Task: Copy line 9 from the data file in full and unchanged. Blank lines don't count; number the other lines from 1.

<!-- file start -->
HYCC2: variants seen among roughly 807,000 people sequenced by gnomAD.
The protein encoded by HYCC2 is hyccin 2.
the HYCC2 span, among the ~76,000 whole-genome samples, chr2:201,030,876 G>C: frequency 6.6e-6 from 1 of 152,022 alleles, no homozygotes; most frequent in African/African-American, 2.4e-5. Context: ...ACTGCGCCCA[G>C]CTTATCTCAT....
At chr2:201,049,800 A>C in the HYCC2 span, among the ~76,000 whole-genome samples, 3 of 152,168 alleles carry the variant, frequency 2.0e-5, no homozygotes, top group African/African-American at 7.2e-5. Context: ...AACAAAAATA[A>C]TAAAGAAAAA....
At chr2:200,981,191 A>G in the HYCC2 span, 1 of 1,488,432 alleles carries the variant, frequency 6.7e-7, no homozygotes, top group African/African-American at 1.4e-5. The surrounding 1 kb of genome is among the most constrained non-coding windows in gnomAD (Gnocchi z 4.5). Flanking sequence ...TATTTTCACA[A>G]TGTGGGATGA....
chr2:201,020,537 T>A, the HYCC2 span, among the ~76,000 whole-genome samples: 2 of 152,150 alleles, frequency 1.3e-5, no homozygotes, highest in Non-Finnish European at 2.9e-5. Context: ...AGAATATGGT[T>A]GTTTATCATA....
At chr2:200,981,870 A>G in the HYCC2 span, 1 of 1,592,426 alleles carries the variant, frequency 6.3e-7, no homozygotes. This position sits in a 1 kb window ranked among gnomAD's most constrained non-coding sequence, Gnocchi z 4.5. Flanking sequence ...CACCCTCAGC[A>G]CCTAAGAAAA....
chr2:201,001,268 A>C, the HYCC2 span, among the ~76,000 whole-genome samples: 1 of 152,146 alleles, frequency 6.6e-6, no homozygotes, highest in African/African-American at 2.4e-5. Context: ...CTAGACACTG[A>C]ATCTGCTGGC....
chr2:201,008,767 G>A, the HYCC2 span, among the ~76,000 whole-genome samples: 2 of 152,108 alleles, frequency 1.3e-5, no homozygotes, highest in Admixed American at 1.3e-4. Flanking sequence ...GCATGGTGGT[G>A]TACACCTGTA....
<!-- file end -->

chr2:201,008,767 G>A, the HYCC2 span, among the ~76,000 whole-genome samples: 2 of 152,108 alleles, frequency 1.3e-5, no homozygotes, highest in Admixed American at 1.3e-4. Flanking sequence ...GCATGGTGGT[G>A]TACACCTGTA....